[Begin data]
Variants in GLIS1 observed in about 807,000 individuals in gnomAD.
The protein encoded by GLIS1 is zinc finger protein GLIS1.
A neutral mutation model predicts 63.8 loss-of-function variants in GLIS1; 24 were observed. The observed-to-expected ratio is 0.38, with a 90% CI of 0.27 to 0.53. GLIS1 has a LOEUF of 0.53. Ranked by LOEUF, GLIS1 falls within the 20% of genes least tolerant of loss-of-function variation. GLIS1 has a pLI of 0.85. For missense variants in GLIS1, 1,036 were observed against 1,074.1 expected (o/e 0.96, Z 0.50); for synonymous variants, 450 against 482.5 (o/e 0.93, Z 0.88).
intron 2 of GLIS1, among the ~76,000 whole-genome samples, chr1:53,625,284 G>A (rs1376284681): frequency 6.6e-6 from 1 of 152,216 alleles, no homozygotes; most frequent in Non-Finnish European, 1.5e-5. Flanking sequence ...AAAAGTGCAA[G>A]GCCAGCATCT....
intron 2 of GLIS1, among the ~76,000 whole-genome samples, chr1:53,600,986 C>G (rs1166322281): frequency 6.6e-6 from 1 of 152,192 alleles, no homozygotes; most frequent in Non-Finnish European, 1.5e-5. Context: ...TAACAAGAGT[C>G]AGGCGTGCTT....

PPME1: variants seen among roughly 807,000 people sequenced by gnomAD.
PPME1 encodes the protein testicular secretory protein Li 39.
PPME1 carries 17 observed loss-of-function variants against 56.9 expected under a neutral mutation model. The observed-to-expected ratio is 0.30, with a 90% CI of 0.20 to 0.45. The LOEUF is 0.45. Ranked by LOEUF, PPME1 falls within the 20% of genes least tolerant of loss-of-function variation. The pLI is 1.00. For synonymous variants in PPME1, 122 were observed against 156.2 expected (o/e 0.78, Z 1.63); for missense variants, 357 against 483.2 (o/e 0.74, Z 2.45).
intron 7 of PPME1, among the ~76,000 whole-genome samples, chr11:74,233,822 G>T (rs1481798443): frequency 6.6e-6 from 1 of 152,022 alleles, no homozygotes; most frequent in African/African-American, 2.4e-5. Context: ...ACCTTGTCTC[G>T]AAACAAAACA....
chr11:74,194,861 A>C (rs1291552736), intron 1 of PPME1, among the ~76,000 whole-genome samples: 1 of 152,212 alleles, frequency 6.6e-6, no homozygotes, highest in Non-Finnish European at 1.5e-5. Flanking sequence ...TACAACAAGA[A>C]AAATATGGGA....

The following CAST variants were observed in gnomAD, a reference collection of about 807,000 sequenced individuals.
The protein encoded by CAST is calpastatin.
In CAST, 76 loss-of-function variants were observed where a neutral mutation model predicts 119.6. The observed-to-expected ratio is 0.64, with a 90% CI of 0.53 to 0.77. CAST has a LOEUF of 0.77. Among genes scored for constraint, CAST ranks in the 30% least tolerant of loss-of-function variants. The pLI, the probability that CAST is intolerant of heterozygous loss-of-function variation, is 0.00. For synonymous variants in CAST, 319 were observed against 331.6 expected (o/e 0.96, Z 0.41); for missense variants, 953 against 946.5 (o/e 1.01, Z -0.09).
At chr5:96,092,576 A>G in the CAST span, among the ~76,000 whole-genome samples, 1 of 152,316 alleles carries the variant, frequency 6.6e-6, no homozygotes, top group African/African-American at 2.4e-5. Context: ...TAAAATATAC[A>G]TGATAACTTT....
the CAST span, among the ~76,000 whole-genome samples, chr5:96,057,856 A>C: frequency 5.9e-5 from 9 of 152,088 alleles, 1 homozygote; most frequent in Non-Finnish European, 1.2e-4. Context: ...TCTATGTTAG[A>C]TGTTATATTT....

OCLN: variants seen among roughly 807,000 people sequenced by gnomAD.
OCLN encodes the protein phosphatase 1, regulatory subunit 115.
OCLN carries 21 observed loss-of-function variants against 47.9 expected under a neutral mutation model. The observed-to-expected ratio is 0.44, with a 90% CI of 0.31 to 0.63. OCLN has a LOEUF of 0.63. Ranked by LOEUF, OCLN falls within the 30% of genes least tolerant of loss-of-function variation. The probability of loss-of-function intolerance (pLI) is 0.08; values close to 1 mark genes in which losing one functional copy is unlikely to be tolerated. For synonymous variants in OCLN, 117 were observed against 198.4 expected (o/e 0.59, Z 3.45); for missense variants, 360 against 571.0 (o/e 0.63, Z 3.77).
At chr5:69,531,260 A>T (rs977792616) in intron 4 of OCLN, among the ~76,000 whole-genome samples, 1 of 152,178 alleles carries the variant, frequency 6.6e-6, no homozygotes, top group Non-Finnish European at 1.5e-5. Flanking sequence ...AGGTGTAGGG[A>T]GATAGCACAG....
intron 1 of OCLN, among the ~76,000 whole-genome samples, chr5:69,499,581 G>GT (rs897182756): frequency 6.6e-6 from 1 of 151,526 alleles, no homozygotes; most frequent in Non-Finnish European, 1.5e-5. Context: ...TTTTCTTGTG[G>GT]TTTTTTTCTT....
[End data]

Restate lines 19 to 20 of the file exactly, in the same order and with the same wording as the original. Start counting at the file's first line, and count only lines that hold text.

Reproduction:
At chr5:69,531,260 A>T (rs977792616) in intron 4 of OCLN, among the ~76,000 whole-genome samples, 1 of 152,178 alleles carries the variant, frequency 6.6e-6, no homozygotes, top group Non-Finnish European at 1.5e-5. Flanking sequence ...AGGTGTAGGG[A>T]GATAGCACAG....
intron 1 of OCLN, among the ~76,000 whole-genome samples, chr5:69,499,581 G>GT (rs897182756): frequency 6.6e-6 from 1 of 151,526 alleles, no homozygotes; most frequent in Non-Finnish European, 1.5e-5. Context: ...TTTTCTTGTG[G>GT]TTTTTTTCTT....